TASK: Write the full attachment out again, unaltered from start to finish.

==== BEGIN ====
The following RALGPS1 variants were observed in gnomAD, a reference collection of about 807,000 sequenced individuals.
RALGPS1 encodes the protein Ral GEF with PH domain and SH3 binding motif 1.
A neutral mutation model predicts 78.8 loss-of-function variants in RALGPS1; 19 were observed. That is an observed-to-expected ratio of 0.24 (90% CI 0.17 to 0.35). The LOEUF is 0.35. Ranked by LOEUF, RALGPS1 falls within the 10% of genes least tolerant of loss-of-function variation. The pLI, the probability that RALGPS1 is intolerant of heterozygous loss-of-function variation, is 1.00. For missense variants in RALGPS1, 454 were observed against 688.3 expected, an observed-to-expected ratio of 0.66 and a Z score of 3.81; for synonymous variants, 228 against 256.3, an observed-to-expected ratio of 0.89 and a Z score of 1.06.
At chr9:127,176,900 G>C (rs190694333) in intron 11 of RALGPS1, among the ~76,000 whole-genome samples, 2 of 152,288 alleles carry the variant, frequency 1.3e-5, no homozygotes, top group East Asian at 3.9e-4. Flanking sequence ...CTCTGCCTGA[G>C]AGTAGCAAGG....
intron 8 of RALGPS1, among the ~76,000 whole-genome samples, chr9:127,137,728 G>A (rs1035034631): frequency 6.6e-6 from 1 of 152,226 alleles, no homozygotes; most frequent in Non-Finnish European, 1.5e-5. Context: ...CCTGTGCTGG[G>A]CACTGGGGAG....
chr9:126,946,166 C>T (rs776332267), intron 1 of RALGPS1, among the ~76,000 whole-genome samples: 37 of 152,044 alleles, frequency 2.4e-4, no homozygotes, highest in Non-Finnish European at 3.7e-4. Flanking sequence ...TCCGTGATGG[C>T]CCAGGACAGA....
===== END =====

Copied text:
The following RALGPS1 variants were observed in gnomAD, a reference collection of about 807,000 sequenced individuals.
RALGPS1 encodes the protein Ral GEF with PH domain and SH3 binding motif 1.
A neutral mutation model predicts 78.8 loss-of-function variants in RALGPS1; 19 were observed. That is an observed-to-expected ratio of 0.24 (90% CI 0.17 to 0.35). The LOEUF is 0.35. Ranked by LOEUF, RALGPS1 falls within the 10% of genes least tolerant of loss-of-function variation. The pLI, the probability that RALGPS1 is intolerant of heterozygous loss-of-function variation, is 1.00. For missense variants in RALGPS1, 454 were observed against 688.3 expected, an observed-to-expected ratio of 0.66 and a Z score of 3.81; for synonymous variants, 228 against 256.3, an observed-to-expected ratio of 0.89 and a Z score of 1.06.
At chr9:127,176,900 G>C (rs190694333) in intron 11 of RALGPS1, among the ~76,000 whole-genome samples, 2 of 152,288 alleles carry the variant, frequency 1.3e-5, no homozygotes, top group East Asian at 3.9e-4. Flanking sequence ...CTCTGCCTGA[G>C]AGTAGCAAGG....
intron 8 of RALGPS1, among the ~76,000 whole-genome samples, chr9:127,137,728 G>A (rs1035034631): frequency 6.6e-6 from 1 of 152,226 alleles, no homozygotes; most frequent in Non-Finnish European, 1.5e-5. Context: ...CCTGTGCTGG[G>A]CACTGGGGAG....
chr9:126,946,166 C>T (rs776332267), intron 1 of RALGPS1, among the ~76,000 whole-genome samples: 37 of 152,044 alleles, frequency 2.4e-4, no homozygotes, highest in Non-Finnish European at 3.7e-4. Flanking sequence ...TCCGTGATGG[C>T]CCAGGACAGA....